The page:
There’s nothing quite like the taste of fruit picked straight from the tree and with more of us looking for ways to reduce our carbon footprint, growing your own fruit is a brilliant way to cut the airmiles of your food.
Thankfully, it’s not a difficult endeavour. You don’t need an orchard either! Rootstocks are widely available these days and are an effective way of controlling the vigour of a fruit tree, reducing its ultimate size so that almost any sized garden can enjoy some sort of fruit tree
As RHS explains, “Although fruit trees can be grown on their own roots, they are more often than not grafted onto a chosen rootstock (part of tree which includes the roots and the lower part of the trunk). The rootstock will control the rate of growth of the tree, so you can choose a rootstock to produce a tree suitable for the position in which you plan to grow it.”
I’ve narrowed down my favourite fruit trees to provide you with my top 5, as well as providing some ideas of varieties to go for and the appropriate rootstock that you’ll need. I hope it gives you some inspiration for your own garden or courtyard!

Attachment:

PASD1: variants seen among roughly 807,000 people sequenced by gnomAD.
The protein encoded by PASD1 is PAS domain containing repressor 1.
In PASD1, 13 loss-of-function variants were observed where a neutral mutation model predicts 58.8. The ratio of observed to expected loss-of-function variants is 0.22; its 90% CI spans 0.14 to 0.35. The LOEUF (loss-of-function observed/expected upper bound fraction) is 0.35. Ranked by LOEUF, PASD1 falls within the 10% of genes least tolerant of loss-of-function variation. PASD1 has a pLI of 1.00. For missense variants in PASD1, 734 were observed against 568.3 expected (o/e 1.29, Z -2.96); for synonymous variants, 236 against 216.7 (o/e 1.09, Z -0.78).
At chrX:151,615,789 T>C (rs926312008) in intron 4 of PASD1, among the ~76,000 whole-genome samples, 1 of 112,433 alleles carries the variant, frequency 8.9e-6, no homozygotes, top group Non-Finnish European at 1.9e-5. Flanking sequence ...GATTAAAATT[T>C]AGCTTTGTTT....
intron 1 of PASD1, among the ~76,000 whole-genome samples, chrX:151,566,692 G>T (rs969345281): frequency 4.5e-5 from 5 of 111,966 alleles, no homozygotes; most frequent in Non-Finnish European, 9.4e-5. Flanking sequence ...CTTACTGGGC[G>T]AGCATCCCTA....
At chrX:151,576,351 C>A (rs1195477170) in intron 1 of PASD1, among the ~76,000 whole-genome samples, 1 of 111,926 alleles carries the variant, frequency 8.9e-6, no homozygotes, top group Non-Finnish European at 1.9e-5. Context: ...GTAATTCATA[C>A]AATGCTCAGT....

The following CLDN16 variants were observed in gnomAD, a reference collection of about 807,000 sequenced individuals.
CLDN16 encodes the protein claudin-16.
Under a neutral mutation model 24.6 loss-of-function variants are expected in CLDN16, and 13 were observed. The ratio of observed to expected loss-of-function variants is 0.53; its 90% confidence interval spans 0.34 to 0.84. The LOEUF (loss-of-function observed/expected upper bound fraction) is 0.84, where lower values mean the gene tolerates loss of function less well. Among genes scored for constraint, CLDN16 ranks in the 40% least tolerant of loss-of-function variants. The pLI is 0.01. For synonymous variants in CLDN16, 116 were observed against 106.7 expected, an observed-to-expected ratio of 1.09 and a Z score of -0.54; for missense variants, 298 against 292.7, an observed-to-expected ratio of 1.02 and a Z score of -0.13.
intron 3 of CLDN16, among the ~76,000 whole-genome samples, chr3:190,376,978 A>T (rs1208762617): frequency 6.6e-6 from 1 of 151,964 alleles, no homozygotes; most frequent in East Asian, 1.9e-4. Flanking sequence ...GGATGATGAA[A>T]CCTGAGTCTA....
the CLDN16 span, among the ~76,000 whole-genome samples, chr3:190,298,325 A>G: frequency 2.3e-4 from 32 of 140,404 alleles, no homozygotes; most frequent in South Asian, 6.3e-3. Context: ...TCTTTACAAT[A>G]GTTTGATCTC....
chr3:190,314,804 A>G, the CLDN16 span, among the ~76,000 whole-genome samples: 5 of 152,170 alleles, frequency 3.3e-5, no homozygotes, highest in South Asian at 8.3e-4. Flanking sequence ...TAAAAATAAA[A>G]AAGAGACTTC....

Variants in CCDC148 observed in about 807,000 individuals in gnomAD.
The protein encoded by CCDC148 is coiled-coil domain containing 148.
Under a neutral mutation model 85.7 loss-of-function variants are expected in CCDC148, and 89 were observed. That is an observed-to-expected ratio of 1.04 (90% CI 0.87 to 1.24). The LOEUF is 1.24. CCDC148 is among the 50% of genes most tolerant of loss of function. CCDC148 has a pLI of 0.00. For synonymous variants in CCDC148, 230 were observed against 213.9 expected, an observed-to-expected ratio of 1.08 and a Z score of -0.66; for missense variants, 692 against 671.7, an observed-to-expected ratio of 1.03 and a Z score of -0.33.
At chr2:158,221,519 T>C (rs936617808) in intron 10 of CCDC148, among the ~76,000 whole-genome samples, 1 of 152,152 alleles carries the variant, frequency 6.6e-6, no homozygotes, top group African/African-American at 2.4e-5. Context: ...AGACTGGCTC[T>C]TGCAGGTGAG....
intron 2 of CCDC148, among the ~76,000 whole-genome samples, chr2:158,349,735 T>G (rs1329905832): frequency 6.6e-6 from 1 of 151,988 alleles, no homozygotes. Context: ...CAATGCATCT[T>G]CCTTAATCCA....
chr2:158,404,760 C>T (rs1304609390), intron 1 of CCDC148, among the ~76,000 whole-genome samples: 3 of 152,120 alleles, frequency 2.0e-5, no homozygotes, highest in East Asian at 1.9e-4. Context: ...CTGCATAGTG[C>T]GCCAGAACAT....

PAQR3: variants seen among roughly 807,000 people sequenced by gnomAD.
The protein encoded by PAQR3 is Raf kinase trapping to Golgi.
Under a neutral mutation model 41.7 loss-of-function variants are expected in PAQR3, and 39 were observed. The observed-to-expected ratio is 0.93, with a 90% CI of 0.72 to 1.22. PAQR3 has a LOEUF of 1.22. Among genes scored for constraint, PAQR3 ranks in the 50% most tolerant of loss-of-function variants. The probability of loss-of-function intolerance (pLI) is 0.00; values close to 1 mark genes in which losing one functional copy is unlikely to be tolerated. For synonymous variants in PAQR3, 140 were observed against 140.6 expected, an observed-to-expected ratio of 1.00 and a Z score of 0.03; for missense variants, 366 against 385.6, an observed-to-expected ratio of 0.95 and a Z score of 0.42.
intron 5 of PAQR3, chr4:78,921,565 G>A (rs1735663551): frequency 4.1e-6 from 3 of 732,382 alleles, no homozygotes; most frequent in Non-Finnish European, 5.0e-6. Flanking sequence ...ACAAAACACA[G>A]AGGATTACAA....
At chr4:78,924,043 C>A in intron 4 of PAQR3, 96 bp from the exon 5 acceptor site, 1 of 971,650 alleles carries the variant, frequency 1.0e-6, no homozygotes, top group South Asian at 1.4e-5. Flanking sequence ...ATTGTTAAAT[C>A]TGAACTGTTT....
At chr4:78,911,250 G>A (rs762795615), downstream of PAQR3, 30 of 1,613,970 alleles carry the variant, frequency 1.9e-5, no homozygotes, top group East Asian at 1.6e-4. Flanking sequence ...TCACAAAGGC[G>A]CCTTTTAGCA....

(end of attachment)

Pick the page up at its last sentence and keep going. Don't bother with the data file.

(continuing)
Apples are divided into 4 groups in terms of their suitability for cross-pollination. Both of the apples I mention are in Group 3 so are suitable for growing together and most apples can be pollinated by crab apples.
Everyone has their favourite apple and there are so many I could mention but let me give you three to think about:
Malus ‘Spartan’ is never seen in the supermarkets (which select their varieties based on how long they will keep on the shelf), but this is my favourite apple. The fruits are a brilliant maroon red and are borne among large, dark green leaves. The apples are late ripening and are sweet and crisp. From April, its fabulous spring blossoms attract pollinators into the garden.
Malus ‘James Grieve’ is a heritage apple bred in Scotland in the late 1800’s and has Cox’s Orange Pippin in its breeding. It has a lovely, crisp, refreshing flavour and is good for cooking, eating or juicing. It becomes milder and softer in flavour with keeping, making it a good accompaniment for cheese. Like Spartan, the blossom is frost hardy, and the fruit matures in September or October.